The other area where lawyers are increasingly affecting combat operations is the Rules of Engagement. David French, himself a lawyer, wrote an important piece in National Review in 2015 entitled “How Our Overly Restrictive Rules of Engagement Keep Us From Winning Wars.” French noted instances in Iraq and Afghanistan where attacks on the battlefield had to be screened by lawyers who effectively determined whether those attacks would take place because of the risk to civilians. And any commander who refused to follow the legal advice risked future discipline, including possible prosecution for “war crimes.”

French then imagined if the United States fought World War II like that:

Imagine Patton’s charge through Western Europe constrained by granting the SS safe haven whenever it sheltered among civilians. If you can imagine this reality, then you can imagine a world without a D-Day, a world where America’s greatest generals are war criminals, and where the mighty machinery of Hitler’s industrial base produces planes, tanks, and guns unmolested. In other words, you can imagine a world where our Army is a glorified police force and our commanders face prosecution for fighting a real war. That describes our wars in Iraq and Afghanistan.

What military lawyer would have sanctioned the bombing of Germany’s cities where war supplies were manufactured or transported? What military lawyer would have allowed General Curtis LeMay and his air forces to firebomb Tokyo? What lawyer would have agreed to the bombing of inland targets in Normandy that killed many innocent French civilians ahead of the D-Day landings? What lawyer would have sanctioned the dropping of two atomic bombs on Japanese cities?

The role of the lawyer as a wartime operational adviser has become ingrained in the U.S. armed services. I saw this first-hand while attending a conference at the Naval War College a few years ago. In a breakout session involving civilians and military officers, I raised the topic of lawyers’ outsized involvement in military targeting operations, and every officer in the room affirmed the necessity and importance of having lawyers review military targeting operations during wartime.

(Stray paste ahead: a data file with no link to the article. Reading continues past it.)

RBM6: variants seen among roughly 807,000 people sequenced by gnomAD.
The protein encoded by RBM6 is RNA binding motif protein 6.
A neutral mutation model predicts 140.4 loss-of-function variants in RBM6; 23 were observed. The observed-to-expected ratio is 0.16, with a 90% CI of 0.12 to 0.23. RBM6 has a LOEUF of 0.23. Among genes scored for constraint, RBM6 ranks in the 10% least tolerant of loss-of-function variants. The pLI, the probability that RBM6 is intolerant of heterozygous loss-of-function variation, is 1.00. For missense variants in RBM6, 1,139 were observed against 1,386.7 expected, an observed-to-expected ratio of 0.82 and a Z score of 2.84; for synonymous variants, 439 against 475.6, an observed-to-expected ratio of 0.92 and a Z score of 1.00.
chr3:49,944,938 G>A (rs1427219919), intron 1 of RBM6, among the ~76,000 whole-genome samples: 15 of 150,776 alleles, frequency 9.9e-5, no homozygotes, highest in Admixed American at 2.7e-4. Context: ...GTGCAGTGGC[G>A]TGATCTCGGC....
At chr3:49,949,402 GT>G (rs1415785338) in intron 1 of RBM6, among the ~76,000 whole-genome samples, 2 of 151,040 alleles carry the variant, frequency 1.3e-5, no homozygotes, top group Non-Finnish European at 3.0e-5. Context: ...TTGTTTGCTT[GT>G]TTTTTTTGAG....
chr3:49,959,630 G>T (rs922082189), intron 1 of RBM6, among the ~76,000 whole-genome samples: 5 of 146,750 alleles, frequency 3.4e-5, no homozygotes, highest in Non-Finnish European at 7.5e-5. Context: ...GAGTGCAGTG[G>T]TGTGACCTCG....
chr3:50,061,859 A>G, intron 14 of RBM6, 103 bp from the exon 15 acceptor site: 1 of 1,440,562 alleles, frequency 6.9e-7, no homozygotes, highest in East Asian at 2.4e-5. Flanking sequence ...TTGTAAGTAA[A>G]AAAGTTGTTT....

Lawyers have been responsible for efforts to make war humane. But history teaches the truth of Union Gen. William T. Sherman’s observation that “War is cruelty; you cannot refine it.” Lawyers study legal treatises, but commanders study Clausewitz. The great Prussian military theorist wrote in On War, that “Kind-hearted people might . . . think there was some ingenious way to disarm or defeat an enemy without too much bloodshed, and might imagine this is the true goal of the art of war. Pleasant as it sounds, it is a fallacy that must be exposed: war is such a dangerous business that the mistakes which come from kindness are the very worst.” And again: “It would be futile — even wrong — to try and shut one’s eyes to what war really is from sheer distress at its brutality.”

As Gen. Douglas MacArthur once said: “War’s very object is victory, not prolonged indecision. In war there is no substitute for victory.” Military lawyers are not to blame for the prolonged indecision of America’s wars in Iraq and Afghanistan. It is the political and military leaders who have placed lawyers in the chain of operational decisions who are at fault. Justin Logan should aim his criticism there.